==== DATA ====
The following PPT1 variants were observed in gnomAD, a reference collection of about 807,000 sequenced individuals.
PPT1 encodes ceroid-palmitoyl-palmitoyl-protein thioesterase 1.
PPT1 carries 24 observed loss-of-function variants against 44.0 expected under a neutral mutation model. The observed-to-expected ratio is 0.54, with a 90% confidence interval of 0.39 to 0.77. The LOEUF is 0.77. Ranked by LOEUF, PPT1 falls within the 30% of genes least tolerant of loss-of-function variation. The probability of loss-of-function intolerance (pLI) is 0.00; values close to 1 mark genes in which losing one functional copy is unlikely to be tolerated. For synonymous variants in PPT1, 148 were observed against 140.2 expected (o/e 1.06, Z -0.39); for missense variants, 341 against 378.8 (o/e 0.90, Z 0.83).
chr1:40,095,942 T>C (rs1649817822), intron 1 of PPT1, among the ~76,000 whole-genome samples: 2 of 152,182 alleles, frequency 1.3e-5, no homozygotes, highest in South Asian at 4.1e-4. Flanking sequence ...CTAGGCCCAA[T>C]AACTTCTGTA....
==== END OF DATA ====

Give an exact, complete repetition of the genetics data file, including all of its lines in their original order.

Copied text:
The following PPT1 variants were observed in gnomAD, a reference collection of about 807,000 sequenced individuals.
PPT1 encodes ceroid-palmitoyl-palmitoyl-protein thioesterase 1.
PPT1 carries 24 observed loss-of-function variants against 44.0 expected under a neutral mutation model. The observed-to-expected ratio is 0.54, with a 90% confidence interval of 0.39 to 0.77. The LOEUF is 0.77. Ranked by LOEUF, PPT1 falls within the 30% of genes least tolerant of loss-of-function variation. The probability of loss-of-function intolerance (pLI) is 0.00; values close to 1 mark genes in which losing one functional copy is unlikely to be tolerated. For synonymous variants in PPT1, 148 were observed against 140.2 expected (o/e 1.06, Z -0.39); for missense variants, 341 against 378.8 (o/e 0.90, Z 0.83).
chr1:40,095,942 T>C (rs1649817822), intron 1 of PPT1, among the ~76,000 whole-genome samples: 2 of 152,182 alleles, frequency 1.3e-5, no homozygotes, highest in South Asian at 4.1e-4. Flanking sequence ...CTAGGCCCAA[T>C]AACTTCTGTA....